Objectives To assess the clinical effectiveness, effect on waiting times, and patient acceptability of PhysioDirect services in patients with musculoskeletal problems, compared with usual care.
Design Pragmatic randomised controlled trial to assess equivalence in clinical effectiveness. Patients were individually randomised in a 2:1 ratio to PhysioDirect or usual care.
Setting Four physiotherapy services in England.
Participants Adults (aged ≥18 years) referred by general practitioners or self referred for musculoskeletal physiotherapy.
Interventions PhysioDirect services invited patients to telephone a physiotherapist for initial assessment and advice, followed by face-to-face physiotherapy if necessary. Usual care involved patients joining a waiting list for face-to-face treatment.
Main outcome measures Numbers of appointments, waiting time for treatment, and non-attendance rates. Primary outcome was physical health (SF-36v2 physical component score) at six months. Secondary outcomes included four other measures of health outcome, mental component score and scales from the SF-36v2, time lost from work, and patient satisfaction and preference. Participants were not blind to allocation, but outcome data were collected blind to allocation.
Results Of 1506 patients allocated to PhysioDirect and 743 to usual care, 85% provided primary outcome data at six months (1283 and 629 patients, respectively). PhysioDirect patients had fewer face-to-face appointments than usual care patients (mean 1.91 v 3.11; incidence rate ratio 0.59 (95% confidence interval 0.53 to 0.65)), a shorter waiting time (median 7 days v 34 days; arm time ratio 0.32 (0.29 to 0.35)), and lower rates of non-attendance (incidence rate ratio 0.55 (0.41 to 0.73)). After six months’ follow-up, the SF-36v2 physical component score was equivalent between groups (adjusted difference in means −0.01 (−0.80 to 0.79)). Health outcome measures suggested a trend towards slightly greater improvement in the PhysioDirect arm at six week follow-up and no difference at six months. There was no difference in time lost from work. PhysioDirect patients were no more satisfied with access to physiotherapy than usual care patients, but had slightly lower satisfaction overall at six months (difference in satisfaction −3.8% (−7.3% to −0.3%); P=0.031). PhysioDirect patients were more likely than usual care patients to prefer PhysioDirect in future. No adverse events were detected.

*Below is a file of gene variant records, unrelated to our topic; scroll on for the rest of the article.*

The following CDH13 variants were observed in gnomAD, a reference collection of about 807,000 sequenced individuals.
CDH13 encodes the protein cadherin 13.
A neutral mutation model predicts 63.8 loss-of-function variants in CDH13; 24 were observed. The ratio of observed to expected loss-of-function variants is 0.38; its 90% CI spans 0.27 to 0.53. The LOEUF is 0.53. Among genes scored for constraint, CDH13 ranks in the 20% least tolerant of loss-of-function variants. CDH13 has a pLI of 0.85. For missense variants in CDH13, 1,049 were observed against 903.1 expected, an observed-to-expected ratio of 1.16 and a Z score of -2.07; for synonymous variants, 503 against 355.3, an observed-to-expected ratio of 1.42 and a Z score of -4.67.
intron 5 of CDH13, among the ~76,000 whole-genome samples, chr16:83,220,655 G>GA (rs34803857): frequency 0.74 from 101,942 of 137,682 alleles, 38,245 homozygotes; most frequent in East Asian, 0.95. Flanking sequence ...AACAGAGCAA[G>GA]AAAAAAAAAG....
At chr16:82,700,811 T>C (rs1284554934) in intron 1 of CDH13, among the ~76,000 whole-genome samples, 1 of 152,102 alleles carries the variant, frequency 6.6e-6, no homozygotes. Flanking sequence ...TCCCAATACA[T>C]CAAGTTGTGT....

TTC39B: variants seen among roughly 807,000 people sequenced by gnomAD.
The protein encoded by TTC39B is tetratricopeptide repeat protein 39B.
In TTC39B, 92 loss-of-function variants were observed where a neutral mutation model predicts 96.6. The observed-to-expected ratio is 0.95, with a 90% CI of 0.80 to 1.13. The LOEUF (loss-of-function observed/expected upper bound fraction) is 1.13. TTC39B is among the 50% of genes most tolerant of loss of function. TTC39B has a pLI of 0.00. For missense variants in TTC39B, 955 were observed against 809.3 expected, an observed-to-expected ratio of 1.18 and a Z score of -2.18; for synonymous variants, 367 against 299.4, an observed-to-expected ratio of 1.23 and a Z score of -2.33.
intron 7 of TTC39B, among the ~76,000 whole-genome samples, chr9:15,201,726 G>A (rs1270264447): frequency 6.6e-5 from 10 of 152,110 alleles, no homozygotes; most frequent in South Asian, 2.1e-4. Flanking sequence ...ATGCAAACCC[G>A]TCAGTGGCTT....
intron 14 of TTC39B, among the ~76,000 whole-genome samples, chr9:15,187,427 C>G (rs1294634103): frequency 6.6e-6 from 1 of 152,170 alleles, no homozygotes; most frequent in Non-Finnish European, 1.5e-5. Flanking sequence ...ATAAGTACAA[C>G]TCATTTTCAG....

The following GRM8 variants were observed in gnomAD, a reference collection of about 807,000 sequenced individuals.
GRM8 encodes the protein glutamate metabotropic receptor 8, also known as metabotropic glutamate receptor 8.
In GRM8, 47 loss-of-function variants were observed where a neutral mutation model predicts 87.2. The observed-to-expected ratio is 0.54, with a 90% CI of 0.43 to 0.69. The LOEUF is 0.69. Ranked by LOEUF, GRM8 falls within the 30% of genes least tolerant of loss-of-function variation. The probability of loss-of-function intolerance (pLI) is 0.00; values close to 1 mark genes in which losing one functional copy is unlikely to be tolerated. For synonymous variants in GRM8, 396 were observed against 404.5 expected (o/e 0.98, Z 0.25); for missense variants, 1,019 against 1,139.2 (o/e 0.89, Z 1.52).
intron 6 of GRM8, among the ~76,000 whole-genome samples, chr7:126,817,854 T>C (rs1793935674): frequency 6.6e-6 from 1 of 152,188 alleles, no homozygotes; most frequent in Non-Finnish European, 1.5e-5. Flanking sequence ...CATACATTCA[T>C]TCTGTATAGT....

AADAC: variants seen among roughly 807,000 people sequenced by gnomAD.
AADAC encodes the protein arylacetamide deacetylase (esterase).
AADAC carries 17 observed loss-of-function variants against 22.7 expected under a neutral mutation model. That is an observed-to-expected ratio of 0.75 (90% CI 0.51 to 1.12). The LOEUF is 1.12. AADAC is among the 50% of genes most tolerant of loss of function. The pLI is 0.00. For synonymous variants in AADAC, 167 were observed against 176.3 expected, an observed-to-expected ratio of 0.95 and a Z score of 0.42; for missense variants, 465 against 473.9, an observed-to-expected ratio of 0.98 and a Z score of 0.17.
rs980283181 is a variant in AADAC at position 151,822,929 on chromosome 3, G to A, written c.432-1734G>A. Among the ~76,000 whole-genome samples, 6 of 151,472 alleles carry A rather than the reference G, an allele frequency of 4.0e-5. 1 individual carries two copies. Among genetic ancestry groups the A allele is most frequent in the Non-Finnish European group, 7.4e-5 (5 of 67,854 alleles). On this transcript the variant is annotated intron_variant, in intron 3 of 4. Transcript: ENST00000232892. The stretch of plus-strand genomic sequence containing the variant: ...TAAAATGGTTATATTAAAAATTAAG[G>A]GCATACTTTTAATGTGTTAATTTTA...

Conclusions PhysioDirect is equally clinically effective compared with usual care, provides faster access to physiotherapy, and seems to be safe. However, it could be associated with slightly lower patient satisfaction.
Trial registration Current Controlled Trials ISRCTN55666618.